Update: twice a week

twice a week


I have been fooling around with this blog again, now that my energy is coming back, and have decided that two blogs a week (Sunday and Thursday) are perfectly sufficient for now – for myself (to make myself feel productive) and for all of you readers (so that you don’t have to read too much of my drivel).

 

 

 

Now and then there will be a special post – like this one – but they will almost always be short or topical or informational or seasonally-oriented.

 

 

 

How’s that for a deal?

 

 

 

Happy Christmas from your sleepy little friend . . . .


 

Advertisements

The cormorant and the mayflower

cormorant and mayflower

I was walking across the Point Street Bridge recently, here in Providence. There’s an ancient wooden piling / dock beneath the bridge, which is now terribly rickety and unsafe.

But the birds love it. There are always gulls and ducks there, and sometimes egrets and swans. And almost always there are cormorants: lithe delicate birds with slender curving necks and broad wings, which fly low over the water’s surface and dive quickly to snap up fish with their sharp little beaks.

The cormorants were resting that day. It was warm and humid, but there was a pleasant quiet breeze blowing off the land toward the ocean; I could feel it up on the bridge, and the birds on the piling could feel it too.

One cormorant was facing into the breeze, its winds outstretched as if it were flying. It stood and rocked gently in the cool breeze.  I took some pictures, but I’m not very good with my phone’s camera, so you can barely see it:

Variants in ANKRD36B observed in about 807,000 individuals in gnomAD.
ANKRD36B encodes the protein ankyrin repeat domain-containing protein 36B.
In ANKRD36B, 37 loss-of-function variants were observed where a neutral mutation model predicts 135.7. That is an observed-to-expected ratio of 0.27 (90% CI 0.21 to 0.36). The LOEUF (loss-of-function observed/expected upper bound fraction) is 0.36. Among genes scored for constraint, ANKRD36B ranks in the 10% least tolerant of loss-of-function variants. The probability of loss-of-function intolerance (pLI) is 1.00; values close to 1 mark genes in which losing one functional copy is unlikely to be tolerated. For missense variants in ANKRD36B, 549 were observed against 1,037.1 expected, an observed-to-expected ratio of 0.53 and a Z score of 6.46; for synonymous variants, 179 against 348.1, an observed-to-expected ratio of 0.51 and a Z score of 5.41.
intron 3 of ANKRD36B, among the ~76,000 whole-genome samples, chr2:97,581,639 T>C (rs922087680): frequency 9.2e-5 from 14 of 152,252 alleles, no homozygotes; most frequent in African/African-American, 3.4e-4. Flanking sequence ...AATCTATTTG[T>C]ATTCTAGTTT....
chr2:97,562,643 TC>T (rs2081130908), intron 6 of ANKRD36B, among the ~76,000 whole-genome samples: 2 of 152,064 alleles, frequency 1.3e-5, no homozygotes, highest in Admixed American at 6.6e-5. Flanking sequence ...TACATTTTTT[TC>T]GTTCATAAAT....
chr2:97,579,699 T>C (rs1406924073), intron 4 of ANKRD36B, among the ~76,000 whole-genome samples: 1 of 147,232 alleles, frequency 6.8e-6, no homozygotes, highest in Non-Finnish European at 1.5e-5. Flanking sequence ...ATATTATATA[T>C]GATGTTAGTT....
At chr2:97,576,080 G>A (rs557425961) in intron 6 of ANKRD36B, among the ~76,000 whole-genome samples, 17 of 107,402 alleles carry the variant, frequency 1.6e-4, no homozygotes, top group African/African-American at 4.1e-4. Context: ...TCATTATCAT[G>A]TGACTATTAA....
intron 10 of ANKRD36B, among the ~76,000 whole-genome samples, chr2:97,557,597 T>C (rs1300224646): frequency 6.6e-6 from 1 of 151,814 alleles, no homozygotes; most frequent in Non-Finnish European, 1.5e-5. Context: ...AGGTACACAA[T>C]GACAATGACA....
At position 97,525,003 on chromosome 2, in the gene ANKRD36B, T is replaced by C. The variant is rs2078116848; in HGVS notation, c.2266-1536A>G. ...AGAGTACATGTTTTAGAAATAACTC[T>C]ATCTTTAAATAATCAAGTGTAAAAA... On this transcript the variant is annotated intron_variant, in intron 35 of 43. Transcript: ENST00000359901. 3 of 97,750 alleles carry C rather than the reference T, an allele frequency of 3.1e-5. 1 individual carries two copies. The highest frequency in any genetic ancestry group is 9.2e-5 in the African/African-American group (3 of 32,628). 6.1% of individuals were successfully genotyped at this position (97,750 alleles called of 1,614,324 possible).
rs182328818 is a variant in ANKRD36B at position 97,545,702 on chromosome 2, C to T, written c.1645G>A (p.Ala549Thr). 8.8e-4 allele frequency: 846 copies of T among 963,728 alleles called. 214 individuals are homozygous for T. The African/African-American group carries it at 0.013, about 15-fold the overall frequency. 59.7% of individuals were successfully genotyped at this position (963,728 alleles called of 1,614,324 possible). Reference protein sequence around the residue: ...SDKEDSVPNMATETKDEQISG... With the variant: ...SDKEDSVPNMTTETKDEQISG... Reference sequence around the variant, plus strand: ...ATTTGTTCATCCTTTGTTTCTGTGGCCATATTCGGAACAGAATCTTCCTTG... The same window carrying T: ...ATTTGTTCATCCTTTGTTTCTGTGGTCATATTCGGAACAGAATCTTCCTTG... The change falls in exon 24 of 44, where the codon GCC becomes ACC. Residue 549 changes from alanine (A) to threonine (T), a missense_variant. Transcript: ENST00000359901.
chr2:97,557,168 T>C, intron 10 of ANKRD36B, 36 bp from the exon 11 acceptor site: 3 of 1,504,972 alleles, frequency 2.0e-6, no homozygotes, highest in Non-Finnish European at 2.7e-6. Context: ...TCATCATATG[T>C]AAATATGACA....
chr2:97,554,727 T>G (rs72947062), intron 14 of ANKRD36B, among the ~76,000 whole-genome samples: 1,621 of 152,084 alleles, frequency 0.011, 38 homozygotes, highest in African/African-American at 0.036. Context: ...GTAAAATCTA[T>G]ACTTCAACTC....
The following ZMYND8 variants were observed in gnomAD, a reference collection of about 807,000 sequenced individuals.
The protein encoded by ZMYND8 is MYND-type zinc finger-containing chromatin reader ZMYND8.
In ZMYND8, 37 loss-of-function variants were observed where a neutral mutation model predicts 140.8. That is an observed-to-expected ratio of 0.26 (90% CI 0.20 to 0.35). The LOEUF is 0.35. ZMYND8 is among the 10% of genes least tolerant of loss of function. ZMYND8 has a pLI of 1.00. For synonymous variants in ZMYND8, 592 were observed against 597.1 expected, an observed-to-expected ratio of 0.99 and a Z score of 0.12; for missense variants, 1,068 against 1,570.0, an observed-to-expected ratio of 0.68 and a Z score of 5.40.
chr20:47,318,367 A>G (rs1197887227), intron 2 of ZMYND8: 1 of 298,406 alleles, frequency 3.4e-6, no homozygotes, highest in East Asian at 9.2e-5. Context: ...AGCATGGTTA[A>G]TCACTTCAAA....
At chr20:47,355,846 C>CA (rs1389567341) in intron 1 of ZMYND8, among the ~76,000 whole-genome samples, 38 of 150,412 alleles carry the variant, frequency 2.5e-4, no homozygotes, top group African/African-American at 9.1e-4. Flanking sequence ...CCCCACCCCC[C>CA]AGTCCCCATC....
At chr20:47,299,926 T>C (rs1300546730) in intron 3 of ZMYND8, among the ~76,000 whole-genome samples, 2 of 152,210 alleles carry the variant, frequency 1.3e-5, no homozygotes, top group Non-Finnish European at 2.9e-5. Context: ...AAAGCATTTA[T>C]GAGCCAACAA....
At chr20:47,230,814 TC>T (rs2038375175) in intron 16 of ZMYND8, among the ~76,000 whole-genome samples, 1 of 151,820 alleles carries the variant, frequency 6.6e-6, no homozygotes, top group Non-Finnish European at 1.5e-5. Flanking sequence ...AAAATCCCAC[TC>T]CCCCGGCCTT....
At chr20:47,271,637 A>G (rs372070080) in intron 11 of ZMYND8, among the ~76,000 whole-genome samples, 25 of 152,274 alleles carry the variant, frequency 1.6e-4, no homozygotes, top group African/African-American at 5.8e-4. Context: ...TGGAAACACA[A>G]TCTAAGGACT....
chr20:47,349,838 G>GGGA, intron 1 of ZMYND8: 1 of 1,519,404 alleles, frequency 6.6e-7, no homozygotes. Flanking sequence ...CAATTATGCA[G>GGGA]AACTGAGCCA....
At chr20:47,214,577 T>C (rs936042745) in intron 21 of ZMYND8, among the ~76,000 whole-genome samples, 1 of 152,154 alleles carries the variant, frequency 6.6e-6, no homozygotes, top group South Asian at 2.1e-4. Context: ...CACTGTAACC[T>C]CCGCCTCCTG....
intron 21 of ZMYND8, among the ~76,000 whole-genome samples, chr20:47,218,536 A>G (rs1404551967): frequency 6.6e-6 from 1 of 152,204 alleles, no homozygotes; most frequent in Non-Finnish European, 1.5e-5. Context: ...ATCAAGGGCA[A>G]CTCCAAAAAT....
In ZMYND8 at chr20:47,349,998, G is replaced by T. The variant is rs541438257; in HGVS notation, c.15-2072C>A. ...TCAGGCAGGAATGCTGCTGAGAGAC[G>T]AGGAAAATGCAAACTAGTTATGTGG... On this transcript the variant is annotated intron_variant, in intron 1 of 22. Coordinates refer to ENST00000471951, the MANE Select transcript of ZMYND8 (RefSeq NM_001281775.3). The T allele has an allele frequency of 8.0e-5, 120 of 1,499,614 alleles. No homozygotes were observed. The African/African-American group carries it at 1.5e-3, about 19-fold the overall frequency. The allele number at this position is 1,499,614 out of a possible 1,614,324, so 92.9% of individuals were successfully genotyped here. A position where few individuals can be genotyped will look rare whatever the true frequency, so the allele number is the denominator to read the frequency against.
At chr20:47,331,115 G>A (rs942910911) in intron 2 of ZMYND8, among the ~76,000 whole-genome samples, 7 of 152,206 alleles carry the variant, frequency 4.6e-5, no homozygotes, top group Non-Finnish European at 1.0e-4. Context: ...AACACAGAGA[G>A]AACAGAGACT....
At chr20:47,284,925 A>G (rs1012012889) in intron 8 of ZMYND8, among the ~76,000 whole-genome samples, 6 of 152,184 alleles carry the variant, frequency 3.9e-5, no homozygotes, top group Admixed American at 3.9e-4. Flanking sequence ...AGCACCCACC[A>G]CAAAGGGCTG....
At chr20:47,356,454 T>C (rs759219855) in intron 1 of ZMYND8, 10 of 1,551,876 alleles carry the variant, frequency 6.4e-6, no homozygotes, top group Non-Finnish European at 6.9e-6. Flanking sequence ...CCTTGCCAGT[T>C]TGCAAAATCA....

cormorant flying

“He was pretending to fly in the breeze,” I said to my friend Cathleen later, showing her the photo. “He looked so serene and happy.”

“He was drying his wings,” she said soberly. “It’s just instinct.”

Maybe Cathleen is right. But I prefer to think that the cormorant was dreaming about flying.

It does my heart good to see things like this. Not very many things make me truly happy, now that I’m a sour old codger. Partner makes me happy, and once in a while Apollonia or Cathleen says something that makes me laugh.

But seeing that bird in imaginary flight made me happy. Sometimes small things – a flower, a tree, a bird – take us out of ourselves; they make us realize that life isn’t as difficult as it might be, and that sometimes there are moments of pure unconsidered joy.

Which brings me to Elinor Wylie.

Elinor’s poetry is mostly forgotten nowadays. She was active in the 1910s and 1920s, and died in 1929. She’s a minor poet, but (I think) an important one. I have bits and pieces of her verse rattling around in my head all the time.

This is the last stanza of her poem “As I Went Down by Havre de Grace”:

As I went out by Prettymarsh

I saw the mayflower under the leaves:

Life (I said) is rough and harsh

And fretted by a hundred griefs:

Yet were it more than I could face,

Who have faced out a hundred dooms,

Had I been born in any place

Where this small flower never blooms.


Botanizing

botanizing


In Tove Jansson’s Moomin books (which you should read, if you haven’t), there’s a character – a Hemulen, if that means anything to you – who collects stamps. He finally collects all of the stamps in the entire world. He despairs, because now his life has no purpose anymore. But then he realizes: he can start collecting plants instead! His life has meaning again!

I love plants. I don’t have a garden, which means I subsist on a few houseplants and a few office-grown things (which I’m very proud of, as they’ve grown extraordinarily). So, when I walk back and forth to work, I examine the gardens and yards and fields I pass by, and I identify the plants I know, and I puzzle over the ones I don’t know.

The one above, for example. What is it? Yellow vetch? Alfalfa?

Nope. I finally identified it. It’s Lotus corniculatus: bird’s-foot trefoil.